This is not a blog about politics. However, I feel compelled to report about what is currently happening in the country that has become my home for the time being.
What started as a peaceful gathering in Istanbul’s Gezi Park in protest of the government’s plans to redevelop the area to become a shopping mall has turned into a war scenery on Friday when police tried to disperse the protesters by making use of violent methods such as firing tear gas and water cannons at the masses.
The clashes between the police force and the population have spread to other cities of the country, to the capital Ankara and my current town İzmir, among others.
There have been numerous pictures and videos circulating on Social Networks. The Turkish media are not reporting on the matter. I first learnt about what was going on through the BBC News and through my flat mate who was browsing Twitter. There have been rumours about the government wanting to shut down the internet to prevent people from organizing themselves in riots. So far this has not happened, though.
These clashes and demonstrations are not about the park itself but rather about the cumulated anger of the population who thinks that the current AKP government has become increasingly authoritarian throughout its ten-year rule.
While I have not been out on the battle field myself, I have learnt through friends that the situation in some areas of İzmir has escalated quite badly. Many people have been hurt and arrested. Some are also said to have died.
Yesterday night, at around 23pm, people in my normally quiet neighborhood started making some noise. My flat mate and I went out to the balcony where we saw and heard neighbors clapping their hands, banging about with their frying pans, blowing whistles and turning their lights on and off in what seemed an act to support the rioters.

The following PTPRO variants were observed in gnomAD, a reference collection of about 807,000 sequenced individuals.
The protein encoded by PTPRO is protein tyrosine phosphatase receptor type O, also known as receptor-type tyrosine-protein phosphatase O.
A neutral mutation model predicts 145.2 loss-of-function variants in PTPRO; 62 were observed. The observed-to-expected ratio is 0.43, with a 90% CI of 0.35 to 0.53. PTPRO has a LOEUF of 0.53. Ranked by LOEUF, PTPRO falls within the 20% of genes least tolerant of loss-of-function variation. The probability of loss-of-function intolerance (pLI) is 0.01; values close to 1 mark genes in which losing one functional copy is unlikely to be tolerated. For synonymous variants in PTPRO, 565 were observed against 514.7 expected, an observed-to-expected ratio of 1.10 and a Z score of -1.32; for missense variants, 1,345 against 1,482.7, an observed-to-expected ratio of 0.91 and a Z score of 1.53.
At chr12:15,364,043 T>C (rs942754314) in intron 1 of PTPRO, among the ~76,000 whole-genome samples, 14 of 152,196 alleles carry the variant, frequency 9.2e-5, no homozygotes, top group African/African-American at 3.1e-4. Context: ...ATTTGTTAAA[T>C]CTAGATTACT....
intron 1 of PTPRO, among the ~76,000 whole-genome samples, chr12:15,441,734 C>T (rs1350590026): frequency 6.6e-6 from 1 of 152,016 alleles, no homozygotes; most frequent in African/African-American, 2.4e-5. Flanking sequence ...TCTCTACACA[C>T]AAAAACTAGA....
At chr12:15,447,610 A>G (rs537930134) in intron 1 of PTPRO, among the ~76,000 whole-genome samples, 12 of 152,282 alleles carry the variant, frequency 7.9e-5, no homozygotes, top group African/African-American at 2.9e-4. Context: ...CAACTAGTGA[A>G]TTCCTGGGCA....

I was messaging backwards and forwards with my family at the time and my father told me that Prime Minister Erdoğan had had the police withdraw from the park. I assumed that the noise on the balconies and streets was due to the apparent success of the rioters.
The noise continued for some hours, with cars and people on the streets joining in, honking and shouting.
You can really feel a vibe these days. Turkey is burning. Burning with emotions. Burning with desire to express itself. People of all backgrounds and life styles are coming together to jointly protest. To support each other and help each other out by sharing food, shelter from the clashes and medical assistance.
It is too early to say that the violence is diminishing. And this may just be the start of something bigger. I will try to keep you informed. Live from my balcony.